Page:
Last week I was at the beach. Whenever I go on vacation, I get hundreds of souvenirs: all my photos. Below are a few of my favorites from the trip. Our final day, we endured 35 mph sustained winds from Tropical Storm Andrea. In a house on stilts, that’s more fun than usual; the house rocked with every gust. I’m getting back around to my normal schedule, so you’ll be seeing more regular posts from me.
Alas no, I am not swimming at the shore for some time. But I like to pretend that I might be soon, and so I wistfully mull through my photos. I love to swim, and anytime I visit non-lethal water, I want in. The next best option is photographing. The two mix poorly, but I try. Below are some lovely tropical beaches, and some gloomy beaches and some extremity-numbing fjord beaches.
As a point of pride, I did get in the fjord and swim to a dock about 30 feet out, but I was going numb. Because children are insane, several children also did and wondered why I minded. This summer I’m visiting the Outer Banks of NC, and hoping to try a little surfing.
I never understood the fuss about Valentine’s Day. In elementary school, it was a day that ostracizing the odd kid was officially approved of in the form of who didn’t get valentines. As the kid who claimed to be a cat (and later an alien), that kid was me. It didn’t get me down. It instilled a sense that I was in charge of my own happiness every day of the year. Just as every day, I’d try to bear the knocks and celebrate the compliments. I try to do my best every day of the year. Some times I’m going to have a bad day. Perhaps as a practical pessimist, I don’t have use for a day that is awful unless it’s wonderful.
But let me celebrate what I do like about Valentine’s:
- Chocolate: Seasonal candy makes every holiday better. Cadbury eggs and candy corn and Valentine’s truffle boxes on sale after the holidays are awesome. As a kid I used to go to the chocolate shop the day after every major holiday and score some 75% off candy.
- Flowers: Not so much purchasing them, because they get kind of ragged and expensive this time of year. More that they are popping out of the ground. Here the crocuses are erupting by the hundreds now. The daffodil greens are up. The lenten roses are blooming. The little spring snowflakes are out. The world is at last offering up its bouquets after the winter.
- Hand-made valentines: I feel like a genius when I make valentines out of doilies and construction paper. I always think they look awesome, and they definitely look more awesome than the pre made ones. Years ago a good friend made me one and I think it made my decade.
Also, it’s finally February! Today the sun sets at 5:50 PM. Every day has an extra hour of better sunshine than this day last month. The world teases with little flowers. Soon the sun will come out and all the trees will bloom. Baseball returns! Soon we shall be wearing short sleeves again.
Every year, I trek south to Florida for the holidays. The sun and warmth are great, but I especially like the feeling of going to a different world. The land is flat and riddled with little inlets and brackish creeks. Here in southwest Florida, there is a feeling that man does not control the wilderness. Things grow at an insane rate and they fight for space. The landscape takes on that wild, violent look. I like the greenery and the beaches and the boats and the sunsets all. And I like to drag my camera along for documentation.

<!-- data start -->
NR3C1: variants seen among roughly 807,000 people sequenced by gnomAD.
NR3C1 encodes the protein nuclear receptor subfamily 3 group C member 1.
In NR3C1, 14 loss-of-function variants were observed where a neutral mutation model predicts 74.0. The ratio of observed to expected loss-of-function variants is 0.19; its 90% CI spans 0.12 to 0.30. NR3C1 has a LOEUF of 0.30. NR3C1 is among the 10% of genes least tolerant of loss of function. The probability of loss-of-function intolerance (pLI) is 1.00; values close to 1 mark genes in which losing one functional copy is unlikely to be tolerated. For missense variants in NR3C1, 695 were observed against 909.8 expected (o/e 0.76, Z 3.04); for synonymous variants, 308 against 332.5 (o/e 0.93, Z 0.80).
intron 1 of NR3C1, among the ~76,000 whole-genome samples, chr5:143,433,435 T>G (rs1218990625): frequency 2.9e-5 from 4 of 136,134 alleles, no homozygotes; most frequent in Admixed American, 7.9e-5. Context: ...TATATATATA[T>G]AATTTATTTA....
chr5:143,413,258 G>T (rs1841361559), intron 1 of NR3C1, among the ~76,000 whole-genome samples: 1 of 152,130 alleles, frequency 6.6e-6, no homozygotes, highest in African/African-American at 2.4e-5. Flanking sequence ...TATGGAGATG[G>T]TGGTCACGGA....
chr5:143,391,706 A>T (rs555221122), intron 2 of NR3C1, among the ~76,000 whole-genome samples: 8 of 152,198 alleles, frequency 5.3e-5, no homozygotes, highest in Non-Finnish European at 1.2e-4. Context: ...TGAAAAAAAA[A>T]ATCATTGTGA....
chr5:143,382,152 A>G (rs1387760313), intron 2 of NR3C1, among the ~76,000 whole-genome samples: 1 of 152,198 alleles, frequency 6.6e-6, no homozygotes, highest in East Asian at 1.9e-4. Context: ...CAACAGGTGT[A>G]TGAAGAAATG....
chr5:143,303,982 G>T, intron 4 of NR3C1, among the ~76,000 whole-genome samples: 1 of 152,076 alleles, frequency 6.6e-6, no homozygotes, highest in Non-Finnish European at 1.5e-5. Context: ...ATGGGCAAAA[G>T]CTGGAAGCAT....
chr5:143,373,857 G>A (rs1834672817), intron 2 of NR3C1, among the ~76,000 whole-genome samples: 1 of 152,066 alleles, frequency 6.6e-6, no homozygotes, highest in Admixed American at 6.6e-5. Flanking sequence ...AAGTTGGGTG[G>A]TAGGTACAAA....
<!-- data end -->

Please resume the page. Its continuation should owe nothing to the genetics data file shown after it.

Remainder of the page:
This post continues Wednesday’s post about fractals and the Mandelbrot set. Fractals are a branch of mathematics that we can observe in our daily life. Something is said to be fractal when a small piece of an object resembles a larger part of itself. The featured image is of romanesco broccoli; as you can see, each small cone on the broccoli resembles the overall structure of the vegetable. For this reason, the mathematical terms “fractal” and “self-similar” are closely related.
Examples of fractals in nature abound. The heartbeat of a healthy person is fractal when plotted in time; interestingly, people with various health problems show less fractal character to their heart rate. For a great slide show with images of fractal-ness in nature, check out this Wired article. Fractals have been observed in ocean waves, mountain structures, fern, lightning, city layout, seashell, trees, and many others. Many computer graphics of natural phenomena are generated using fractal processes.
The Koch snowflake (above), is a fractal generated from a line. As the fractal pattern is repeated, the length of the curve grows infinite. A line segment does not have infinite length, and yet the Koch Snowflake clearly does not fill space. So what is the dimension of this object? Through a method called the “box counting method“, we can determine the dimensionality of a fractal object. The box counting method is used to estimate area and coastal length from satellite pictures, as demonstrated below.
In short, we can see how the number of boxes needed to define a length or space changes as the box size changes. For a line, the number of boxes needed grows as 1n. For a space, the number of boxes grows as 2n. The method is explained in more detail here. Intuitively, we can tell the Koch Snowflake has a dimension between 1 and 2. It turns out that, using the Box Counting method, we can determine that the Koch Snowflake has a fractal dimension of log(4)/log(3), or about 1.26.
Fractal dimensions turn up in strange places. For example, chaotic attractors have fractal dimension. The Lorenz attractor, above, has a fractal dimension of 2.06. In the future I will discuss chaos and chaotic attractors. Check out my previous science posts on synchrony and art resembling science.